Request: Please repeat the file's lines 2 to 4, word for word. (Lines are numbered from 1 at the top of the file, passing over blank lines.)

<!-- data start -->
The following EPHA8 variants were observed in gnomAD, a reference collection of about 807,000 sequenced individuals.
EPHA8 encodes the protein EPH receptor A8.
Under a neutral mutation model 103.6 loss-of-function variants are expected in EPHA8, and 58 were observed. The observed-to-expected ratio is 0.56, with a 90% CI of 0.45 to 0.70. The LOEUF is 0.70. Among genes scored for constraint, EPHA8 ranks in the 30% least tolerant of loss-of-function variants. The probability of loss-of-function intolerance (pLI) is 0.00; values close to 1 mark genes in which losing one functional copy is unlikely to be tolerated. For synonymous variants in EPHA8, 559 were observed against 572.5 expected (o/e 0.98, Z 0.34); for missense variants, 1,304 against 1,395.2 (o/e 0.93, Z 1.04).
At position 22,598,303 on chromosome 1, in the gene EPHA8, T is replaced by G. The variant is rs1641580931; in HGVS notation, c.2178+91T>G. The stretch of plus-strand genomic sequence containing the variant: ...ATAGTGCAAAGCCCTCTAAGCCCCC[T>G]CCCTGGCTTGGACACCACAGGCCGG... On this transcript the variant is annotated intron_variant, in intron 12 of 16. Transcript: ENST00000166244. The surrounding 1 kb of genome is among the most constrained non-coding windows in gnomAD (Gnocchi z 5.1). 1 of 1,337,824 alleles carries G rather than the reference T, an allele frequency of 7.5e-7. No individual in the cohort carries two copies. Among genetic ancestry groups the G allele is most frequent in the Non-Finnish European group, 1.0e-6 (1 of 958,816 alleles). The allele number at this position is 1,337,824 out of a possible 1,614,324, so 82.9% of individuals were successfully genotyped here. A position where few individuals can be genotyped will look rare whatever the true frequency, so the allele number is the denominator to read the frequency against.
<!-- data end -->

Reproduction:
EPHA8 encodes the protein EPH receptor A8.
Under a neutral mutation model 103.6 loss-of-function variants are expected in EPHA8, and 58 were observed. The observed-to-expected ratio is 0.56, with a 90% CI of 0.45 to 0.70. The LOEUF is 0.70. Among genes scored for constraint, EPHA8 ranks in the 30% least tolerant of loss-of-function variants. The probability of loss-of-function intolerance (pLI) is 0.00; values close to 1 mark genes in which losing one functional copy is unlikely to be tolerated. For synonymous variants in EPHA8, 559 were observed against 572.5 expected (o/e 0.98, Z 0.34); for missense variants, 1,304 against 1,395.2 (o/e 0.93, Z 1.04).
At position 22,598,303 on chromosome 1, in the gene EPHA8, T is replaced by G. The variant is rs1641580931; in HGVS notation, c.2178+91T>G. The stretch of plus-strand genomic sequence containing the variant: ...ATAGTGCAAAGCCCTCTAAGCCCCC[T>G]CCCTGGCTTGGACACCACAGGCCGG... On this transcript the variant is annotated intron_variant, in intron 12 of 16. Transcript: ENST00000166244. The surrounding 1 kb of genome is among the most constrained non-coding windows in gnomAD (Gnocchi z 5.1). 1 of 1,337,824 alleles carries G rather than the reference T, an allele frequency of 7.5e-7. No individual in the cohort carries two copies. Among genetic ancestry groups the G allele is most frequent in the Non-Finnish European group, 1.0e-6 (1 of 958,816 alleles). The allele number at this position is 1,337,824 out of a possible 1,614,324, so 82.9% of individuals were successfully genotyped here. A position where few individuals can be genotyped will look rare whatever the true frequency, so the allele number is the denominator to read the frequency against.